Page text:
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About NLRB

The Standard for Determining Joint-Employer Status – Final Rule published 10/27/2023

The National Labor Relations Board’s final rule establishes that, under the National Labor Relations Act, two or more entities may be considered joint employers of a group of employees if each entity has an employment relationship with the employees, and if the entities share or codetermine one or more of the employees’ essential terms and conditions of employment. The new standard will only be applied to cases filed after the effective date. The effective date of the new rule is on hold pending litigation. 

How does the 2023 standard differ from the 2020 standard?

The final rule rescinds and replaces the 2020 final rule that was promulgated by the prior Board and which took effect on April 27, 2020. 

The 2023 rule more faithfully grounds the joint-employer standard in established common-law agency principles. In particular, the 2023 rule considers the alleged joint employers’ authority to control essential terms and conditions of employment, whether or not such control is exercised, and without regard to whether any such exercise of control is direct or indirect. The common law clearly recognizes that reserved control and indirect control are relevant to the analysis.  

By contrast, the 2020 rule made it easier for actual joint employers to avoid a finding of joint-employer status because it set a higher threshold of “substantial direct and immediate control” over essential terms of conditions of employment, which has no foundation in common law. 

What are essential terms and conditions of employment under the final rule? 

Essential terms and conditions of employment are defined as: 

  1. wages, benefits, and other compensation;
  2. hours of work and scheduling;
  3. the assignment of duties to be performed;
  4. the supervision of the performance of duties;
  5. work rules and directions governing the manner, means, and methods of the performance of duties and the grounds for discipline;
  6. the tenure of employment, including hiring and discharge; and
  7. working conditions related to the safety and health of employees.

The joint-employer standard is only implicated if an entity employs the workers at issue and has authority to control at least one of these terms or conditions. Authority over other matters is not sufficient.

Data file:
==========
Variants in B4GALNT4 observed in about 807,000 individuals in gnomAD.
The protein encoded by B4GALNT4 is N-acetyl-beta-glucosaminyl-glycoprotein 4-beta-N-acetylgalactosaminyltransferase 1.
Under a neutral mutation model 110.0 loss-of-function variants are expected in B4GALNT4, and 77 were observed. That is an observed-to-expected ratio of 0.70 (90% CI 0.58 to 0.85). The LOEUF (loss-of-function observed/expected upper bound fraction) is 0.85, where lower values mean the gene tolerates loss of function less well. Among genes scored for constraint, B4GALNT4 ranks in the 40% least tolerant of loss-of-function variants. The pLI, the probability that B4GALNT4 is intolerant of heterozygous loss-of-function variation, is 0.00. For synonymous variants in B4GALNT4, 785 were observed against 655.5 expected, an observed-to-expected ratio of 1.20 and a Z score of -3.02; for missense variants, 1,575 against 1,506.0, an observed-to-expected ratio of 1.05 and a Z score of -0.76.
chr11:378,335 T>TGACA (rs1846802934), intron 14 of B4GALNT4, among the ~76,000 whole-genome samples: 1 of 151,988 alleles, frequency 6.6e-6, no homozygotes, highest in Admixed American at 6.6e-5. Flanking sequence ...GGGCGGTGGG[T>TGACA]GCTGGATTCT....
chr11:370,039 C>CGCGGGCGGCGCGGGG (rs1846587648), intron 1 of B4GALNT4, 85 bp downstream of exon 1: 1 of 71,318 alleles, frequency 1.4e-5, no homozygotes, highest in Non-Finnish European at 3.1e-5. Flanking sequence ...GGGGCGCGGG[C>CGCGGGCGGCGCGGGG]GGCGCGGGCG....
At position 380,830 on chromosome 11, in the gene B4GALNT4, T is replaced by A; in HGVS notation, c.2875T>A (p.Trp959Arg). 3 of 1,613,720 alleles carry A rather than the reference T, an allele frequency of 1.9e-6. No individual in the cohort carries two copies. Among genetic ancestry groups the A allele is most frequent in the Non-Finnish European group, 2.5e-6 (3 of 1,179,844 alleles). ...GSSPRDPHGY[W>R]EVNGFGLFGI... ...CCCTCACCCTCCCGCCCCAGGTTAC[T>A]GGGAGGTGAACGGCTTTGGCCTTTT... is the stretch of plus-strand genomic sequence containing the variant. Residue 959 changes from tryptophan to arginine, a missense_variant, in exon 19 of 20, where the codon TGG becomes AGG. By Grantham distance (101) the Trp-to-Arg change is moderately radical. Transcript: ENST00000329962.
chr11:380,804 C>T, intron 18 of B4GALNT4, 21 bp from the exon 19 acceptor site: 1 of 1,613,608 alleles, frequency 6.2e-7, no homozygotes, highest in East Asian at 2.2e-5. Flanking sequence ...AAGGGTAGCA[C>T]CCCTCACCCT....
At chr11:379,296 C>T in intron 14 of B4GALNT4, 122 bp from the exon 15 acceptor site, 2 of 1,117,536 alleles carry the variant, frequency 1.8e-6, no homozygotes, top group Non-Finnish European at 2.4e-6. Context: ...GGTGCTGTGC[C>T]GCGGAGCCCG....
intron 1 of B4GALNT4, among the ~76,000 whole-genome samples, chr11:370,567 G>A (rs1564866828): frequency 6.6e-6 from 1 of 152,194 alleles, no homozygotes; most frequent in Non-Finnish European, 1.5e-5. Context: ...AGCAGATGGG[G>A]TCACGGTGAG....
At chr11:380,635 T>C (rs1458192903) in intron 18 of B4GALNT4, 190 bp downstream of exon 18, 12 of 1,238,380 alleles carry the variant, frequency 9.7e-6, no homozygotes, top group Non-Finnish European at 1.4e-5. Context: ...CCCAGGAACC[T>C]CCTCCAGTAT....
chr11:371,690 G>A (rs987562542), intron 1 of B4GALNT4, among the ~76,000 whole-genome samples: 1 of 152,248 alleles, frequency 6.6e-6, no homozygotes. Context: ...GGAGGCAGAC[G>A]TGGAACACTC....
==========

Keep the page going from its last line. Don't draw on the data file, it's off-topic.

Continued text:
Why does the standard include reserved control? 

The standard’s inclusion of reserved control is grounded in the common law. Including reserved control is important to account for situations in which an alleged joint employer maintains authority to control essential terms and conditions of employment but has not yet exercised such control. 

The reality is that an entity holding such control may step in at any moment to affect essential terms. Indeed, even when the entity remains on the sidelines, it may cast a shadow over the other employer’s decision-making with respect to such terms. 

Why does the standard include indirect control?

Section 2(2) of the National Labor Relations Act defines “employer” to include “any person acting as an agent of an employer, directly or indirectly.” By including indirect control in the joint-employer standard, the final rule accounts for control exercised through an intermediary or controlled third parties. Indirect control is also a well-established common-law consideration. 

Considering indirect control prevents an entity that has an employment relationship with employees from avoiding joint-employer status—and the bargaining obligation that goes with it—by using an intermediary to implement decisions about essential terms and conditions of employment.

What does a joint employer have to bargain over?

For the purposes of collective bargaining, once an entity is deemed a joint employer by virtue of its control over one or more essential terms and conditions of employment, it will be required to bargain over those particular essential terms and conditions as well as all other mandatory subjects of bargaining that it possesses or exercises the authority to control. It will not be required to bargain over subjects that it does not have authority to control.

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